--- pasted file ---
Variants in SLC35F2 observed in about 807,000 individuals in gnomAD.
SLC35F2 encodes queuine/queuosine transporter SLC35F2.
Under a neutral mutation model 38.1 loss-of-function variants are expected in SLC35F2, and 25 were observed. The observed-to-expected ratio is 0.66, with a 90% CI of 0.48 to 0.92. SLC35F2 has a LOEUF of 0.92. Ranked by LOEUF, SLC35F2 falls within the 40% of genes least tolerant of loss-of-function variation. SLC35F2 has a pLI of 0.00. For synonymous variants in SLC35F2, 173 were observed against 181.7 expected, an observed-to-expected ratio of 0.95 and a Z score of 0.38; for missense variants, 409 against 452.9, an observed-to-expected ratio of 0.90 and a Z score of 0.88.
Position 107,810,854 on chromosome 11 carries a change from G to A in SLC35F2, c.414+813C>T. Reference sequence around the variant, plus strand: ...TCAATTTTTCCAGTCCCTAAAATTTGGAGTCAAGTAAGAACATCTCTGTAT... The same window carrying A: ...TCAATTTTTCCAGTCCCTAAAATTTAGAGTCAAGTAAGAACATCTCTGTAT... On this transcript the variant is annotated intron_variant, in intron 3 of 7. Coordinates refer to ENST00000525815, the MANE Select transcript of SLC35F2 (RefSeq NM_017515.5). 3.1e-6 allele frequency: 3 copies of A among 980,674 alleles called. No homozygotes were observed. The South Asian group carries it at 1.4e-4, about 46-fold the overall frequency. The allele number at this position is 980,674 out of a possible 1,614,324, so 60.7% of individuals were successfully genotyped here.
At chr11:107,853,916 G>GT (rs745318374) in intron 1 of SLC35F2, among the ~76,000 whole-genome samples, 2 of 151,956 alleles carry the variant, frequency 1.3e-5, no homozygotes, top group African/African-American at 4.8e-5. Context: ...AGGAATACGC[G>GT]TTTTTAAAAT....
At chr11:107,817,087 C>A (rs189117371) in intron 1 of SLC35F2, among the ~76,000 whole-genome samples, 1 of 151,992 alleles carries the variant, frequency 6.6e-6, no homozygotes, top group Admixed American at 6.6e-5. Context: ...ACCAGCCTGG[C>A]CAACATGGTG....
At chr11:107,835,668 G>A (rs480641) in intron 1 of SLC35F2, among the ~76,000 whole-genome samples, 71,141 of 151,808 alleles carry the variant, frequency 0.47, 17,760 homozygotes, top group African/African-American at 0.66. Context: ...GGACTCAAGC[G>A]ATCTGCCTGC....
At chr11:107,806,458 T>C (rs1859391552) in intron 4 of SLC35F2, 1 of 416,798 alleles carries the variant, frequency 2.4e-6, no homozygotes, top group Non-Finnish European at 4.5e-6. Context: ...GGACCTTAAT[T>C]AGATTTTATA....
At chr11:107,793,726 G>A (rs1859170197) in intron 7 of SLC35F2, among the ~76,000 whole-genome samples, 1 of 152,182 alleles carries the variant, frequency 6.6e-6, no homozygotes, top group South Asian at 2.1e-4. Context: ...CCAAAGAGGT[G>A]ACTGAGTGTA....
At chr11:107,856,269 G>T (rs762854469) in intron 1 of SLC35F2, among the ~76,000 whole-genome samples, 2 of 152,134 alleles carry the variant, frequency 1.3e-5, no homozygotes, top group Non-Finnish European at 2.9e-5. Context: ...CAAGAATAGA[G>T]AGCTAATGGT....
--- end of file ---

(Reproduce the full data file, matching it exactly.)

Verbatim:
Variants in SLC35F2 observed in about 807,000 individuals in gnomAD.
SLC35F2 encodes queuine/queuosine transporter SLC35F2.
Under a neutral mutation model 38.1 loss-of-function variants are expected in SLC35F2, and 25 were observed. The observed-to-expected ratio is 0.66, with a 90% CI of 0.48 to 0.92. SLC35F2 has a LOEUF of 0.92. Ranked by LOEUF, SLC35F2 falls within the 40% of genes least tolerant of loss-of-function variation. SLC35F2 has a pLI of 0.00. For synonymous variants in SLC35F2, 173 were observed against 181.7 expected, an observed-to-expected ratio of 0.95 and a Z score of 0.38; for missense variants, 409 against 452.9, an observed-to-expected ratio of 0.90 and a Z score of 0.88.
Position 107,810,854 on chromosome 11 carries a change from G to A in SLC35F2, c.414+813C>T. Reference sequence around the variant, plus strand: ...TCAATTTTTCCAGTCCCTAAAATTTGGAGTCAAGTAAGAACATCTCTGTAT... The same window carrying A: ...TCAATTTTTCCAGTCCCTAAAATTTAGAGTCAAGTAAGAACATCTCTGTAT... On this transcript the variant is annotated intron_variant, in intron 3 of 7. Coordinates refer to ENST00000525815, the MANE Select transcript of SLC35F2 (RefSeq NM_017515.5). 3.1e-6 allele frequency: 3 copies of A among 980,674 alleles called. No homozygotes were observed. The South Asian group carries it at 1.4e-4, about 46-fold the overall frequency. The allele number at this position is 980,674 out of a possible 1,614,324, so 60.7% of individuals were successfully genotyped here.
At chr11:107,853,916 G>GT (rs745318374) in intron 1 of SLC35F2, among the ~76,000 whole-genome samples, 2 of 151,956 alleles carry the variant, frequency 1.3e-5, no homozygotes, top group African/African-American at 4.8e-5. Context: ...AGGAATACGC[G>GT]TTTTTAAAAT....
At chr11:107,817,087 C>A (rs189117371) in intron 1 of SLC35F2, among the ~76,000 whole-genome samples, 1 of 151,992 alleles carries the variant, frequency 6.6e-6, no homozygotes, top group Admixed American at 6.6e-5. Context: ...ACCAGCCTGG[C>A]CAACATGGTG....
At chr11:107,835,668 G>A (rs480641) in intron 1 of SLC35F2, among the ~76,000 whole-genome samples, 71,141 of 151,808 alleles carry the variant, frequency 0.47, 17,760 homozygotes, top group African/African-American at 0.66. Context: ...GGACTCAAGC[G>A]ATCTGCCTGC....
At chr11:107,806,458 T>C (rs1859391552) in intron 4 of SLC35F2, 1 of 416,798 alleles carries the variant, frequency 2.4e-6, no homozygotes, top group Non-Finnish European at 4.5e-6. Context: ...GGACCTTAAT[T>C]AGATTTTATA....
At chr11:107,793,726 G>A (rs1859170197) in intron 7 of SLC35F2, among the ~76,000 whole-genome samples, 1 of 152,182 alleles carries the variant, frequency 6.6e-6, no homozygotes, top group South Asian at 2.1e-4. Context: ...CCAAAGAGGT[G>A]ACTGAGTGTA....
At chr11:107,856,269 G>T (rs762854469) in intron 1 of SLC35F2, among the ~76,000 whole-genome samples, 2 of 152,134 alleles carry the variant, frequency 1.3e-5, no homozygotes, top group Non-Finnish European at 2.9e-5. Context: ...CAAGAATAGA[G>T]AGCTAATGGT....